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What are ‘healthy habits’?

What are ‘healthy habits’?

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If you spend any amount of time on health and wellbeing websites, chances are you’ve come across the term ‘healthy habits’ before. But what are healthy habits? And why are they important?

What are healthy habits?

As the name suggests, healthy habits are habits which keep you healthy or improve your health over time. They can include physical things, such as exercising regularly; or emotional things, such as keeping in touch with friends and family. The important thing is that they’re contributing positively to your health and wellbeing.

Some examples of healthy habits are:

  • Eating a balanced diet.
  • Getting enough sleep.
  • Doing things which keep your mental health on the straight and narrow.
  • Getting outside regularly.
  • Practising safe sex.
  • Cooking from scratch.
  • Spending time with loved ones.
  • Drinking plenty of water.
  • Exercising regularly.
  • Getting medical checkups.
  • Wearing sunscreen.
  • Maintaining your boundaries.

What’s the big deal?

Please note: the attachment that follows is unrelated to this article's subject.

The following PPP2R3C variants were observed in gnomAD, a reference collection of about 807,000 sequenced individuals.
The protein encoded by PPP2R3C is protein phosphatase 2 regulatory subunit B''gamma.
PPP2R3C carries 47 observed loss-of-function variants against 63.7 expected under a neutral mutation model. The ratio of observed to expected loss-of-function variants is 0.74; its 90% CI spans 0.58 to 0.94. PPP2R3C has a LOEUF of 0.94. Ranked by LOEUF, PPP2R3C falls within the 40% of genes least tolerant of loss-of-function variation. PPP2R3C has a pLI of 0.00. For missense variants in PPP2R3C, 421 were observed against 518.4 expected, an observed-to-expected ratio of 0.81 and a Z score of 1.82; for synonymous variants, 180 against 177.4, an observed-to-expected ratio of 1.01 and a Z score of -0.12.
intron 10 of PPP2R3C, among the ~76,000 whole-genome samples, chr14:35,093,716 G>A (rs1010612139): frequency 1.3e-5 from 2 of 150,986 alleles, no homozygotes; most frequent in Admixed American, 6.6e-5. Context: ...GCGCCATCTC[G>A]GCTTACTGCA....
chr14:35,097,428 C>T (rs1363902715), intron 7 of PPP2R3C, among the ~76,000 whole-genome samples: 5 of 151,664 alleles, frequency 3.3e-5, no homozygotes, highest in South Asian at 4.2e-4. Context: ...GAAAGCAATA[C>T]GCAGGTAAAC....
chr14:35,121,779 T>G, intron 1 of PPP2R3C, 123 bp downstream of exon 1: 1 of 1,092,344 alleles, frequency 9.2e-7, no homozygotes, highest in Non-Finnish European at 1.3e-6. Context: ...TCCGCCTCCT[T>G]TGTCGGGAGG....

Apart from the obvious – that healthy habits keep you healthy – the important thing about healthy habits is the habitspart.

Anyone can go on a quick health kick for a few days before sinking right back into their old, unhealthy ways. The point of developing healthy habits is to weave those healthy changes into your lifestyle, so that they become an integral aspect of your day to day living.

By turning healthy behaviours into habits you can ensure that the benefits are real and long-lasting. What’s more, habit-formed behaviours get a lot easier over time. For example, someone who has formed healthy eating and exercise habits will find it easy to maintain a healthy weight and a decent level of fitness. Someone who goes on a crash diet, on the other hand, will find their efforts extremely difficult and their weight loss hard to sustain.

How can you build healthy habits?

Different methods work for different people, but here are a few broad rules of thumb to get you started:

  • Keep things achievable. Making big, drastic changes all at once is setting yourself up for failure. Your new habits have to be achievable or you won’t stick to them. We suggest that you start small and build your efforts up gradually.
  • Persevere. Failures every now and again are inevitable. When you drop the ball, it’s tempting to write off the whole endeavour and go on a binge. Don’t do this. When you fail, chalk it up to experience, forgive yourself, and keep on trying.
  • Remind yourself why you’re doing this. It’s helpful to have a clear goal which inspires and motivates you. Without a goal or a reason for developing these habits, it will start to feel like a thankless task. Think of all the benefits of undertaking this process, and remind yourself of them whenever things seem too difficult.
  • Be patient. Real, lasting, habit-forming change takes time. Be patient, stick with it, and don’t get frustrated if it takes longer than you think. The best changes take a long time to sink in.

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